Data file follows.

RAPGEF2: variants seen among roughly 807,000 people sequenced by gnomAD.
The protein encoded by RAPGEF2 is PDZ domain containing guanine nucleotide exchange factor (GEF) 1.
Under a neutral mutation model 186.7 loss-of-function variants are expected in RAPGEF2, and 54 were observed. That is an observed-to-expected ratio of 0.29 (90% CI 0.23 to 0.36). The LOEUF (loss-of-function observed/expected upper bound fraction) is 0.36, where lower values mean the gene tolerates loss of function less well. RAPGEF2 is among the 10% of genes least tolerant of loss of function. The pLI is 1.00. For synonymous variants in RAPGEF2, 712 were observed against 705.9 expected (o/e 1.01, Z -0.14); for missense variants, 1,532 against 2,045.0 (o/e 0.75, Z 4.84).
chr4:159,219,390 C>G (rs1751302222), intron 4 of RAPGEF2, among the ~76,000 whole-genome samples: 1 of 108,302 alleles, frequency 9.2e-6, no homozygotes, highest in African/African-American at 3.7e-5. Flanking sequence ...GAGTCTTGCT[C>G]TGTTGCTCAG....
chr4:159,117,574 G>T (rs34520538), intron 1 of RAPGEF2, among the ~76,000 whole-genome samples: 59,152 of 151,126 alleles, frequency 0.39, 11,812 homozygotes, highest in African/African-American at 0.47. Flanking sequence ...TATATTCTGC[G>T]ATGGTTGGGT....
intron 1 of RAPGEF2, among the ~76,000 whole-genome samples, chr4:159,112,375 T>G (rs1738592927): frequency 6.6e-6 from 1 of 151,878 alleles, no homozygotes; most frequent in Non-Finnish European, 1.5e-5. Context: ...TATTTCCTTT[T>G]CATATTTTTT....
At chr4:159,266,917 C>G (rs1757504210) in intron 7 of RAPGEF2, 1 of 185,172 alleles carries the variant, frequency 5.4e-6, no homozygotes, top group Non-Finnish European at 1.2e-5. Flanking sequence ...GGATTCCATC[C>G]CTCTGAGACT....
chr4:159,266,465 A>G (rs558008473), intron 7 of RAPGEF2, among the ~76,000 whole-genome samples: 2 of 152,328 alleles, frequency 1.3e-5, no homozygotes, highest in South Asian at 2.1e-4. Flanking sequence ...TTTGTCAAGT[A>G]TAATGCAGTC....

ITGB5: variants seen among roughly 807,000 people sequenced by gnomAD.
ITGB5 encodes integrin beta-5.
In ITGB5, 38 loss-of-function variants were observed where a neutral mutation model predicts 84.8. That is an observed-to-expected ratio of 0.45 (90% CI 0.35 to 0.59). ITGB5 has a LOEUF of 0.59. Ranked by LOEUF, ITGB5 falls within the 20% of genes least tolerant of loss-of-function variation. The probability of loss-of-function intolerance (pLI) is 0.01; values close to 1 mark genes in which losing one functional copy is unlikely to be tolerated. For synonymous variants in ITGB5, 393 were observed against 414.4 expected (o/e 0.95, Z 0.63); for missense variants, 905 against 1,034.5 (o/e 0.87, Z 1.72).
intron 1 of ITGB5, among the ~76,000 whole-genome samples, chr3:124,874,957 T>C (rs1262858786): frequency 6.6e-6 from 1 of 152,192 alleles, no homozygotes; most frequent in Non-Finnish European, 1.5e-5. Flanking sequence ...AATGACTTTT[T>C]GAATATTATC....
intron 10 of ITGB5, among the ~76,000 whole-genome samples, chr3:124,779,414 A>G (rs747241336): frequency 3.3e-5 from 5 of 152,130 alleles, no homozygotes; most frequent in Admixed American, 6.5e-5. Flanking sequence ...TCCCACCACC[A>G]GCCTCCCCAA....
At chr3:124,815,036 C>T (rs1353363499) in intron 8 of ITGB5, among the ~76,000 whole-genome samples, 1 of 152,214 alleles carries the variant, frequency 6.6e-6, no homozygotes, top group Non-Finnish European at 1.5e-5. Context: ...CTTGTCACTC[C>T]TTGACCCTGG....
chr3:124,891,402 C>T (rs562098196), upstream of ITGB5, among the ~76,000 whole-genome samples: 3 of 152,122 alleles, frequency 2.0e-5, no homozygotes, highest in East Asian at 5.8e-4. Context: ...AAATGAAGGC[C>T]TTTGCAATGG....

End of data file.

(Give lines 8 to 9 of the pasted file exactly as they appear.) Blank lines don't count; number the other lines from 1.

chr4:159,266,465 A>G (rs558008473), intron 7 of RAPGEF2, among the ~76,000 whole-genome samples: 2 of 152,328 alleles, frequency 1.3e-5, no homozygotes, highest in South Asian at 2.1e-4. Flanking sequence ...TTTGTCAAGT[A>G]TAATGCAGTC....

ITGB5: variants seen among roughly 807,000 people sequenced by gnomAD.